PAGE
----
World Library  
Flag as Inappropriate
Email this Article

Neurochip

Article Id: WHEBN0002035310
Reproduction Date:

Title: Neurochip  
Author: World Heritage Encyclopedia
Language: English
Subject: Neuroscience, Cultured neuronal network, EOSFET, Neurometrics, Integrative neuroscience
Collection: Brain–computer Interfacing, Integrated Circuits
Publisher: World Heritage Encyclopedia
Publication
Date:
 

Neurochip

A neurochip is a chip (integrated circuit/microprocessor) that is designed for the interaction with neuronal cells.

Contents

  • Formation 1
  • Applications 2
  • See also 3
  • References 4
  • External links 5

Formation

It is made of silicon that is doped in such a way that it contains EOSFETs (electrolyte-oxide-semiconductor FET) that can sense the electrical activity of the neurons (action potentials) in the above-standing physiological electrolyte solution. It also contains capacitors for the electrical stimulation of the neurons. The University of Calgary, Faculty of Medicine scientists who proved it is possible to cultivate a network of brain cells that reconnect on a silicon chip—or the brain on a microchip—have developed new technology that monitors brain cell activity at a resolution never achieved before.

Developed with the National Research Council Canada (NRC), the new silicon chips are also simpler to use, which will help future understanding of how brain cells work under normal conditions and permit drug discoveries for a variety of neurodegenerative diseases, such as Alzheimer’s and Parkinson’s.

Naweed Syed's lab cultivated brain cells on a microchip. The new technology from the lab of Naweed Syed, in collaboration with the NRC, was published online in August 2010, in the journal, Biomedical Devices.[1]

“This technical breakthrough means we can track subtle changes in brain activity at the level of ion channels and synaptic potentials, which are also the most suitable target sites for drug development in neurodegenerative diseases and neuropsychological disorders,” says Syed, professor and head of the Department of Cell Biology and Anatomy, member of the Hotchkiss Brain Institute and advisor to the Vice President Research on Biomedical Engineering Initiative of the University of Chicago.

The new neurochips are also automated, meaning that anyone can learn to place individual brain cells on them. Previously it took years of training to learn how to record ion channel activity from brain cells, and it was only possible to monitor one or two cells simultaneously. Now, larger networks of cells can be placed on a chip and observed in minute detail, allowing the analysis of several brain cells networking and performing automatic, large-scale drug screening for various brain dysfunctions.[2]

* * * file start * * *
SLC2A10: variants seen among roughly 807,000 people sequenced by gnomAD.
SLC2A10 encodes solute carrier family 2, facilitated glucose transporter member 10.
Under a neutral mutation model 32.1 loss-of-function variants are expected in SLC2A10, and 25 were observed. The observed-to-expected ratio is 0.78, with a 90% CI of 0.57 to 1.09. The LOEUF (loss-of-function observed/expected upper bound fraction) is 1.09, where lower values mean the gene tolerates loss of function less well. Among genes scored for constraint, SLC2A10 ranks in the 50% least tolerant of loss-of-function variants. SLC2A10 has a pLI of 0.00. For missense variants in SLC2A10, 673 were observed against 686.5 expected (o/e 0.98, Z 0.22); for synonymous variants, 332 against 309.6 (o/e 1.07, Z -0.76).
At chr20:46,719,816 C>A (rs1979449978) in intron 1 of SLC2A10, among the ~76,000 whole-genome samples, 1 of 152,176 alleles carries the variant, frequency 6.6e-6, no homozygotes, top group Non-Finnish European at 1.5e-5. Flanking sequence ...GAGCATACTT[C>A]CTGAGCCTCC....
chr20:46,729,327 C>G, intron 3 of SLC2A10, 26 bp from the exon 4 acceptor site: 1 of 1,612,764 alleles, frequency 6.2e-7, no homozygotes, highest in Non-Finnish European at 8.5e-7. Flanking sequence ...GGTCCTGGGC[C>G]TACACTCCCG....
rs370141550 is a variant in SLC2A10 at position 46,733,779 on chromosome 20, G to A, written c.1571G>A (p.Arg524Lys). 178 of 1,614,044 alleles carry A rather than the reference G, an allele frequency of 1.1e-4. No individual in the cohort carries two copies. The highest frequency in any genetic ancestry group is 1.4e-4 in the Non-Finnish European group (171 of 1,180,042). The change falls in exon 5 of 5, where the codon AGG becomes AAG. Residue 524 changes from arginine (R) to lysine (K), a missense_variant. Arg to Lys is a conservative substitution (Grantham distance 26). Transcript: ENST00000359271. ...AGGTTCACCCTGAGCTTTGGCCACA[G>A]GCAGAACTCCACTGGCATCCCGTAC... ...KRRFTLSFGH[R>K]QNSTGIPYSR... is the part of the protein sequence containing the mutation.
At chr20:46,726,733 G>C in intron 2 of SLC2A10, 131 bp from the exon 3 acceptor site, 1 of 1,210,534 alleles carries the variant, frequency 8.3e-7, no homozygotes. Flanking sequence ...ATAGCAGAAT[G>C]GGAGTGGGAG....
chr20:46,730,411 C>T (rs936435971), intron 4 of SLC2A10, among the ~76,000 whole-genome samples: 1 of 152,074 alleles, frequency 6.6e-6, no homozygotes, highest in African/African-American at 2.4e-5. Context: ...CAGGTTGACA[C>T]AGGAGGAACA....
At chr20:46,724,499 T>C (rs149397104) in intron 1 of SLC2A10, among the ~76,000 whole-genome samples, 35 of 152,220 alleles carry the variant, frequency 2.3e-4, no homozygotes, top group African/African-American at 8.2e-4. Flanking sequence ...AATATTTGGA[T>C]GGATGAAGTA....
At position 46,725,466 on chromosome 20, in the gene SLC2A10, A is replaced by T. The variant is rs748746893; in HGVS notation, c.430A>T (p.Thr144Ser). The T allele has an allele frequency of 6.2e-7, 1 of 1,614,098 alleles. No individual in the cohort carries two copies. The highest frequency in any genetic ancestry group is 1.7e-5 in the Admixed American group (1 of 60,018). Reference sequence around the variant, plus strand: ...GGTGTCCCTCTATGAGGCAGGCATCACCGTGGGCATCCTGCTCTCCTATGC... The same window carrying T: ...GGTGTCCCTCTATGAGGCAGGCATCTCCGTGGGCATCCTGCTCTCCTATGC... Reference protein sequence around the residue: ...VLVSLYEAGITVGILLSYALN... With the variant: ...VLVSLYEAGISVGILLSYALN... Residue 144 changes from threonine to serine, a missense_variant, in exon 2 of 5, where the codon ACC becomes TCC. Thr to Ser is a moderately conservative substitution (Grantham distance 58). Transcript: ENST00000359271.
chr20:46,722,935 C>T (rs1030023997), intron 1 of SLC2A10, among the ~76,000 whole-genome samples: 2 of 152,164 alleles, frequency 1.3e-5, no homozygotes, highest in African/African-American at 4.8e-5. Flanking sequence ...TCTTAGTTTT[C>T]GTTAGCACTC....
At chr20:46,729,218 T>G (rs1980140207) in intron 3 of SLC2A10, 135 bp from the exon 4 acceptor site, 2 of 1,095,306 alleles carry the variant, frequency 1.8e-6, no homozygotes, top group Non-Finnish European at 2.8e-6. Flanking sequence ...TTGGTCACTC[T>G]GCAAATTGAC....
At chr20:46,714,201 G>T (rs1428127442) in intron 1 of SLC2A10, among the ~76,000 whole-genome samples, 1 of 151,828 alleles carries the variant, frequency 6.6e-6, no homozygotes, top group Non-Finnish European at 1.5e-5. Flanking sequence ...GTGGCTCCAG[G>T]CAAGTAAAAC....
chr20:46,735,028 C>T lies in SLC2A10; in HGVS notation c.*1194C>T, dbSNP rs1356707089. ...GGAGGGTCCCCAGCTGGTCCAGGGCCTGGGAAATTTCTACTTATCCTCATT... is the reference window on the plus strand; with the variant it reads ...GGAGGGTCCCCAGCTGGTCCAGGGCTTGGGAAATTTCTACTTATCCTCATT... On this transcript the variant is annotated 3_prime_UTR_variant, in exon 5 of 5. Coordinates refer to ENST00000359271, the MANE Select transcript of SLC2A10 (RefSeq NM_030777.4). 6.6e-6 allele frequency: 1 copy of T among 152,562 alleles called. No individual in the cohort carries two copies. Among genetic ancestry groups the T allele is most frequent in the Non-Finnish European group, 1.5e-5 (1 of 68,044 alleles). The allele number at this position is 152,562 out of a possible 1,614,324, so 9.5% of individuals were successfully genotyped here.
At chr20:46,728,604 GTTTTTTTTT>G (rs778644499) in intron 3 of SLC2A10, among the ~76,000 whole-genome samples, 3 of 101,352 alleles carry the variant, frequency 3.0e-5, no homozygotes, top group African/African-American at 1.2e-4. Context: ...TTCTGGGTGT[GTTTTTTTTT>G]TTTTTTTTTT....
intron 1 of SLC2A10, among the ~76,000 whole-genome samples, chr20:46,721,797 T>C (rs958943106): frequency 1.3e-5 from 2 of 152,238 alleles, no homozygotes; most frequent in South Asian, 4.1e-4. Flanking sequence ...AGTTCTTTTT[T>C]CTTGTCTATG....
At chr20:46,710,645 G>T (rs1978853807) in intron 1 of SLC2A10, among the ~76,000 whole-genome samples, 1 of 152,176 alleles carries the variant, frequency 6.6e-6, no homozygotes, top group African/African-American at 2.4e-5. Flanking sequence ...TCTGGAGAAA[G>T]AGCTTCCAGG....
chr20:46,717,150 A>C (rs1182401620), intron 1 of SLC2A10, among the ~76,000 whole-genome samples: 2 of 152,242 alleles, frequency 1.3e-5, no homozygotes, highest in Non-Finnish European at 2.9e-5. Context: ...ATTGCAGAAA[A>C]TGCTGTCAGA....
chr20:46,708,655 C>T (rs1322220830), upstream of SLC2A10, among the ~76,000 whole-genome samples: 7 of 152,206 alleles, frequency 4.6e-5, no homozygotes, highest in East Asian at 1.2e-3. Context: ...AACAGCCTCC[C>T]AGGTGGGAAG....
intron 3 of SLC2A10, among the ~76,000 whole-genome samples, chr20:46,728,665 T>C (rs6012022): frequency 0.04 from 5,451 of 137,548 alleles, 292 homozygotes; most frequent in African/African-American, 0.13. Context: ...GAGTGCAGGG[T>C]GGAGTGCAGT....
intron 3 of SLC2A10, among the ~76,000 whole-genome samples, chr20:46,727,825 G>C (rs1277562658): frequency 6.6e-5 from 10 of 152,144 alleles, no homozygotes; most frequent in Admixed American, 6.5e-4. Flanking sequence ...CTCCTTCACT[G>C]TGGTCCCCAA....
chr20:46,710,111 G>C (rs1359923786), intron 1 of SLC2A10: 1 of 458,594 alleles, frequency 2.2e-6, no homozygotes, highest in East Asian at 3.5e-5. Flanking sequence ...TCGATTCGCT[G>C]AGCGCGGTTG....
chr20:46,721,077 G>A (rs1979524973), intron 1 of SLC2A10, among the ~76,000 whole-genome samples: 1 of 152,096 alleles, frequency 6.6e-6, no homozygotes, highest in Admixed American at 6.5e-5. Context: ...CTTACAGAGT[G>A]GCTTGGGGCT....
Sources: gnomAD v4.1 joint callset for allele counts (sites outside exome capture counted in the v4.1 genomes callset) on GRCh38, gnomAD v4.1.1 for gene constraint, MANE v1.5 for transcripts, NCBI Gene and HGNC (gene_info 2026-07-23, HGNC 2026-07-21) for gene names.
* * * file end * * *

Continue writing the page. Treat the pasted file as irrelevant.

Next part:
This new technology has the potential to help scientists in a variety of fields and on a variety of research projects. Gerald Zamponi, professor and head of the Department of Physiology and Pharmacology, and member of the Hotchkiss Brain Institute, says, “This technology can likely be scaled up such that it will become a novel tool for medium throughput drug screening, in addition to its usefulness for basic biomedical research”.[3]

"In previous studies, researchers developed a neurochip that could directly stimulate and record brain cell activity. Now, Orly Yadid-Pecht and Naweed Syed have successfully developed a novel lab-on-a-chip technology that, through an ultra-sensitive component built directly on the microchip, also enables direct imaging of activity in brain cells."[4]

Applications

Present applications are neuron research. Future applications (still in the experimental phase) are retinal implants or brain implants.

See also

References

  1. ^ Carolyn Abraham (August 9, 2010). "'"Calgary scientists to create human 'neurochip.  
  2. ^ "Coming Soon: Human Brain On A Microchip". Coming Soon: Human Brain On A Microchip. August 11, 2010. Retrieved April 16, 2014. 
  3. ^ "Neurochips monitor cells at unprecedented resolution".  
  4. ^ "New advances for neurochip" UToday, University of Calgary August 1, 2012

External links

  • Video interview with Dr. Naweed Syed, Hotchkiss Brain Institute, Neurochip co-lead researcher, Published Aug 17, 2012
This article was sourced from Creative Commons Attribution-ShareAlike License; additional terms may apply. World Heritage Encyclopedia content is assembled from numerous content providers, Open Access Publishing, and in compliance with The Fair Access to Science and Technology Research Act (FASTR), Wikimedia Foundation, Inc., Public Library of Science, The Encyclopedia of Life, Open Book Publishers (OBP), PubMed, U.S. National Library of Medicine, National Center for Biotechnology Information, U.S. National Library of Medicine, National Institutes of Health (NIH), U.S. Department of Health & Human Services, and USA.gov, which sources content from all federal, state, local, tribal, and territorial government publication portals (.gov, .mil, .edu). Funding for USA.gov and content contributors is made possible from the U.S. Congress, E-Government Act of 2002.
 
Crowd sourced content that is contributed to World Heritage Encyclopedia is peer reviewed and edited by our editorial staff to ensure quality scholarly research articles.
 
By using this site, you agree to the Terms of Use and Privacy Policy. World Heritage Encyclopedia™ is a registered trademark of the World Public Library Association, a non-profit organization.
 


Copyright © World Library Foundation. All rights reserved. eBooks from Project Gutenberg are sponsored by the World Library Foundation,
a 501c(4) Member's Support Non-Profit Organization, and is NOT affiliated with any governmental agency or department.